Once melted, add it to the dry mixture and stir until it starts to look like wet sand - or snow just because I’m Canadian.

4. Add essential oils

I added 30 drops of essential oils here. For this batch, I used tea tree oil, but there are no rules of course! Pick your favourite, or a combo of favourites, and add them in. You can also go without if you prefer scentless.

Once you have your oils in there, mix your creation some more until it’s well blended.

5. Decorate (optional)

Use a hand blender to grind up a handful of oatmeal flakes and rose pedals. Then put them in one half of your mould. Avoid creating a pile because the mixture needs something to stick to.  A small layer at the bottom will do.

6. Put them in the mould

Pack the moulds as tightly as possible and squish them together. Wait 3 minutes before removing. Don’t worry, you don’t need to stand there and hold them the whole time. I wrap mine with rubber bands so that I can walk away and do something else.

7. Unmould

Carefully take your new bath bombs from the moulds and place them on a soft towel to dry. Keep them out of reach of children, pets, and curious spouses. Let them dry for 24 hours so that they have plenty of time to become solid.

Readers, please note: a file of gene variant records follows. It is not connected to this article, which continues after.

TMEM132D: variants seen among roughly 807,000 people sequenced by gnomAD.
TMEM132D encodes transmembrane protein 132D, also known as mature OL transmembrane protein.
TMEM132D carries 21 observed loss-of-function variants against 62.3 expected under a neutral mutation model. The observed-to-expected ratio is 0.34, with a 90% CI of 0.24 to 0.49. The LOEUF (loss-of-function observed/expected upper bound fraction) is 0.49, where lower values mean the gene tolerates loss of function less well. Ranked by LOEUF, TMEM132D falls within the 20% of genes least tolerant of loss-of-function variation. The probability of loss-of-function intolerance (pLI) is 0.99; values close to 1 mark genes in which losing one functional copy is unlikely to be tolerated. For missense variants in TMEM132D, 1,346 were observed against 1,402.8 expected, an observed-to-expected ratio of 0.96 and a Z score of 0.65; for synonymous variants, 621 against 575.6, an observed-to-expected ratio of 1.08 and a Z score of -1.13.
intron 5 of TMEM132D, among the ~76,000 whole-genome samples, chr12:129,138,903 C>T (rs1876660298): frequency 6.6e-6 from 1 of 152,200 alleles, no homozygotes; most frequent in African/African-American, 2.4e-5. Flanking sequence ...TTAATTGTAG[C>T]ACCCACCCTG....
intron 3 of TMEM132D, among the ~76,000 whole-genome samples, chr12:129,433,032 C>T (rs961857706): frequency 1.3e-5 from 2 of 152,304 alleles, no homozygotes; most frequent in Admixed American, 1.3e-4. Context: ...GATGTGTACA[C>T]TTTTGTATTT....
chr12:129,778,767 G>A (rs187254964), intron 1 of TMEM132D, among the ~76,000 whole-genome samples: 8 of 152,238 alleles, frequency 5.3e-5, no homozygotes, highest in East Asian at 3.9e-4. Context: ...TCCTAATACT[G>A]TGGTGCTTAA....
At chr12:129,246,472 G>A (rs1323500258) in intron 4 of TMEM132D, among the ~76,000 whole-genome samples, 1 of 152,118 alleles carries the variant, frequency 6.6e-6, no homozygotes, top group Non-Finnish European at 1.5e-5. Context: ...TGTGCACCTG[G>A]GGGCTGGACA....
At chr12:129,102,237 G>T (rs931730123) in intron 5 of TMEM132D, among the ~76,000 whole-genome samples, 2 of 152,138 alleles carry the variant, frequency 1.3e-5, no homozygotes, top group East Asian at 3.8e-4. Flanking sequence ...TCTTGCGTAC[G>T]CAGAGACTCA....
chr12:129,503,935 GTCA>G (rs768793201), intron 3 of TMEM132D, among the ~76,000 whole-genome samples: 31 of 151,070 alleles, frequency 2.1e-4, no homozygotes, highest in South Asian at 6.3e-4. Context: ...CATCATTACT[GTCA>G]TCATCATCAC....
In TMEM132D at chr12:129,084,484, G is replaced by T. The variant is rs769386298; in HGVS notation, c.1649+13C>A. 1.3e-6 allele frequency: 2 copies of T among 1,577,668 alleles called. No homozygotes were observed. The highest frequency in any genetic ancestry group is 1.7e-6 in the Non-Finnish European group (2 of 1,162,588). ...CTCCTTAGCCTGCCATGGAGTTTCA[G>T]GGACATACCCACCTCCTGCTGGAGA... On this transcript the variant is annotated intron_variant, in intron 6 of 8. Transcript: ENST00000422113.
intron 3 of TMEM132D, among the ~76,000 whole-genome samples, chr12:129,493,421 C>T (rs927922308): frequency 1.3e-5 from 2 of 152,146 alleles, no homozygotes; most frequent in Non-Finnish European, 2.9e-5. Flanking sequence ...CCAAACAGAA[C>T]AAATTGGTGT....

Note: after one hour, my boyfriend casually grabbed one on his way through the kitchen because he wanted to see how they turned out. My thinking is he may have given it a slight squeeze because he exclaimed something across the house about how solid they were. It lived and I laughed, but be sure to communicate with others not to touch :) 

Once solid, they're done!



Daily To-do List: for Your Monthly Planner

How many times have you picked up a new notebook, day planner, or app with the intention of getting things better organized? You get it all set up, only to stick with it for a couple of weeks and forget about it.